Preferably, the shroud 110 is attached, such as with a bolt 114, to at least the heat spreader member 62 so as to encourage metal-to-metal contact between the shroud 110 and the heat spreader 62, thus maximizing the transfer of heat from the heat spreader 62 to the shroud 110 so that such heat can be communicated to the environment. Preferably, the shroud 110 includes cover mounts 116 to which a cover 120 can be releasably mounted, preferably extending across the module mounting cavity 52. The cover 120 preferably comprises a plastic and/or glass member adapted to communicate light from the LEDs 42 therethrough. The cover 120 also may include optical elements and/or may function as a light diffuser. Further, the cover can function to protect the LED modules within the cavity of the substrate.
In the illustrated embodiment, the LED modules 40 each comprise two LEDs, 42 which have a combined voltage requirement of about 7.4 volts. Correspondingly, a power supply is provided that is adapted to output a power of 7.4 volts. As such, the power supply is well matched to the LED module power requirements. Thus, there is little or no requirement for resistors or other electrical componentry to further modify the power provided to each module. Accordingly, efficiency of the LED modules is increased as losses to other componentry is avoided. Although the illustrated embodiment employs a power supply adapted to provide 7.4 volts, it is to be understood that, in other embodiments, different arrangements of LEDs of various sizes and colors can necessitate differing power requirements. For such embodiments, the power supply preferably is matched to the voltage requirement of the illumination device. It is also to be understood that other embodiments may employ power conditioning componentry on the module circuit so as to modify and maximize the efficiency of power delivery to the LEDs.
With reference again to
As discussed above, in embodiments employing LED modules having an aluminum body, since the bolts 50 are electrically charged and extend through an aperture through the aluminum module body, it is important that the bolts do not engage the body 44, which would short out the circuit 46. Additionally, Applicants have noted that in this type of embodiment, if a bolt using a standard 3/16″ bolt head is tightened excessively, damage may be caused to the module contacts, deforming the contacts 48 and possibly the dielectric 76, thus possibly creating a short circuit in which the bolt 50 and/or copper from the contacts makes contact with the aluminum body.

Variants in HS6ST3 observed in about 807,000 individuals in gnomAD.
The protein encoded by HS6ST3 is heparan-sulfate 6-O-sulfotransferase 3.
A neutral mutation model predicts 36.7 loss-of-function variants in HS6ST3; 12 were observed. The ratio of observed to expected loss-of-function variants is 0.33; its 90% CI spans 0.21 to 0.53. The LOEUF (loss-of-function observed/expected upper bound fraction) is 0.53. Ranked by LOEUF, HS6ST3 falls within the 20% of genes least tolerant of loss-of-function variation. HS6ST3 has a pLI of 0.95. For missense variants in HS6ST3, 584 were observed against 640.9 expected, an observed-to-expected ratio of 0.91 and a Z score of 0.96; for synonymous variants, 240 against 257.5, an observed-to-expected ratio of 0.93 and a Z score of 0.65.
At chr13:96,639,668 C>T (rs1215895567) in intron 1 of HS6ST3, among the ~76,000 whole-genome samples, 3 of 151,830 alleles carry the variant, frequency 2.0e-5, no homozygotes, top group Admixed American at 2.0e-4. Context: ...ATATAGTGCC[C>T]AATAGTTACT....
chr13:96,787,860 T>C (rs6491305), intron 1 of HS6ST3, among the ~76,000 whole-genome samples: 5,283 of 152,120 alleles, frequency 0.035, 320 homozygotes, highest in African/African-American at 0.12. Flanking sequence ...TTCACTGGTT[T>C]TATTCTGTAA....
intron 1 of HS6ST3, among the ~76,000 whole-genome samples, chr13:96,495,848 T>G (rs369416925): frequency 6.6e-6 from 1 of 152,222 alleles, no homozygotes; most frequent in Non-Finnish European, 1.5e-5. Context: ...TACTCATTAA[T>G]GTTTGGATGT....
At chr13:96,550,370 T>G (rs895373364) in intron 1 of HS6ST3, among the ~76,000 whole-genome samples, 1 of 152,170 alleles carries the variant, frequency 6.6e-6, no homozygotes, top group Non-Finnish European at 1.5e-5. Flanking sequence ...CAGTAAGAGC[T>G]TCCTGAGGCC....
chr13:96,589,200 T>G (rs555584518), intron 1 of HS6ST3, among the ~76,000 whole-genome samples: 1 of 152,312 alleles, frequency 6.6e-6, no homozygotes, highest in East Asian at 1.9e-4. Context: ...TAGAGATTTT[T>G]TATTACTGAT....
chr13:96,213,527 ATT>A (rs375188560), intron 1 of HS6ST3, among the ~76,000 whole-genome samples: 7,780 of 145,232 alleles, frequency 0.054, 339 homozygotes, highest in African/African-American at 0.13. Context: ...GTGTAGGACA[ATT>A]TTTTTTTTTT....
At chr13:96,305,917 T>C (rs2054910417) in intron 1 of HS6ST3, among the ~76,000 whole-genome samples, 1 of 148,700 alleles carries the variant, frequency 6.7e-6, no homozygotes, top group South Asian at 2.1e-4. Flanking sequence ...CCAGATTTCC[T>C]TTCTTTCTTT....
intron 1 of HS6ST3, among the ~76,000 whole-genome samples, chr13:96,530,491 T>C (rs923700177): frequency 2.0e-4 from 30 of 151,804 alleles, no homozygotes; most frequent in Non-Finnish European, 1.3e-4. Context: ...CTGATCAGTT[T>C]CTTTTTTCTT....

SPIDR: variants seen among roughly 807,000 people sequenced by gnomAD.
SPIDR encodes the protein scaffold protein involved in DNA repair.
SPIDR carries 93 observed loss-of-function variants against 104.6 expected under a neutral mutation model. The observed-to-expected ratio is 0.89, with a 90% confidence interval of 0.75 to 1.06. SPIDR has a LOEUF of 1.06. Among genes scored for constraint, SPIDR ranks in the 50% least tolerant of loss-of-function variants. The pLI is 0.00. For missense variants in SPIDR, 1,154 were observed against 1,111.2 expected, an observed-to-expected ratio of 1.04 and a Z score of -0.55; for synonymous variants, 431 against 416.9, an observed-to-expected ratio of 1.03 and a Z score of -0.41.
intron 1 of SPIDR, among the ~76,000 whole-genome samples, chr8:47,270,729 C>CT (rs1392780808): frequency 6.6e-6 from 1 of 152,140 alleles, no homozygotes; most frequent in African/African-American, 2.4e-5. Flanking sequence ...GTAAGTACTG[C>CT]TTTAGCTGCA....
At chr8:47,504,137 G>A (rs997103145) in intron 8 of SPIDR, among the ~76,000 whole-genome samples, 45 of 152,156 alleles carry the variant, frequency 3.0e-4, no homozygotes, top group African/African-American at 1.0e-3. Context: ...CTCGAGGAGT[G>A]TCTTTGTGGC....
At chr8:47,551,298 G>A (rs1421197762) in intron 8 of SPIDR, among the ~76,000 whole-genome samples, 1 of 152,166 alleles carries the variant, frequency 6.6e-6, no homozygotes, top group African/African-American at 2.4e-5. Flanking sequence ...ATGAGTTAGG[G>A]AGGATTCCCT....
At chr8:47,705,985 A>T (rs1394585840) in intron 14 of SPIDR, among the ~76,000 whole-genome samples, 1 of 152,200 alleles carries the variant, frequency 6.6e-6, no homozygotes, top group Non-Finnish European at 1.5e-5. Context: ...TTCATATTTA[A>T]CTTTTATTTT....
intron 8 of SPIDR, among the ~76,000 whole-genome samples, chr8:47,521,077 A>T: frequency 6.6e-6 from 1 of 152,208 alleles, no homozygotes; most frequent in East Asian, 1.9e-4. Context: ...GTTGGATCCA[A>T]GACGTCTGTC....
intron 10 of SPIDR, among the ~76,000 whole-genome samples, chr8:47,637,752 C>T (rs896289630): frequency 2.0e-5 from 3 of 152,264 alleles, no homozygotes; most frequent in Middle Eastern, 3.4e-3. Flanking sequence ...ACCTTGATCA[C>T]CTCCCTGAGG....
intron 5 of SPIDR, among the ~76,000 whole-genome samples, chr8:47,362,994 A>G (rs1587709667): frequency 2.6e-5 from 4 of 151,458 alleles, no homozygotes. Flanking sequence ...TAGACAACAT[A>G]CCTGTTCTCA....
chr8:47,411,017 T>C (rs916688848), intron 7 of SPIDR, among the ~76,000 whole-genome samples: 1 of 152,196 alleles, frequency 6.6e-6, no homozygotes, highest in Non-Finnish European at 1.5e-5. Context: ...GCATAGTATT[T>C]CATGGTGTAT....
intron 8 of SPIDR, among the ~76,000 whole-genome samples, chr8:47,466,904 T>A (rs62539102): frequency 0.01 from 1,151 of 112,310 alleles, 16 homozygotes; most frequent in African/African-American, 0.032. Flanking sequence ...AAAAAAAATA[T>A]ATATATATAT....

In the illustrated embodiment, the LED modules are secured in place using number 440×⅜ inch long bolts. Such bolts have a head diameter of about 0.250 inches, which is far greater than typically used in such applications. Applicants have discovered that when employing a bolt having such a broad head, forces exerted on the contact and dielectric layers 78, 76 from tightening the bolt are distributed so that the thin contact and dielectric layers 78, 76 are substantially undamaged upon tightening of the bolt 50. This configuration has been determined to work effectively when the combined thickness of the dielectric and copper trace layers 78, 76 is between about 2-3 mils (0.002-0.003 inch). Since a preferred bolt head 84 size is about 0.250 inches, in order to have sufficient distribution for bolt tightening forces with such thin layers of dielectric and traces, it is anticipated that an advantageous ratio of the bolt head width, or the bolt head diameter, to the overall thickness of the dielectric and copper trace layers is between about 80-125 to 1 (80:1-125:1). Applicants have demonstrated that using bolts within such parameters provides acceptable electrical and structural connection without causing damage to the thin dielectric and/or copper contact layers when tightened in the range of about 25-35 in-lb.
Since LEDs operate on a direct current, the direction of the current is important for proper operation of the LEDs. For example, if the LEDs are arranged in the circuit with the current flowing in the incorrect direction, the LEDs will not light. Thus, it is important that the LED modules are connected in the correct alignment. In accordance with another embodiment, a mechanical structure is provided for insuring correct polarity, or correct directional installation, of each LED module. In one embodiment, a third aperture is formed through the module. Correspondingly, a third raised portion of the substrate is provided extending upwardly from the mount surface in the cavity of the substrate. When LED modules are placed in the correct polarity position to align the mount holes, the third hole will engage and align with the raised portion of the substrate. However, if the modules are arranged in an incorrect polarity, even though the bolt apertures may align, the raised portion of the substrate will engage the bottom surface of the LED module, preventing mounting of the module.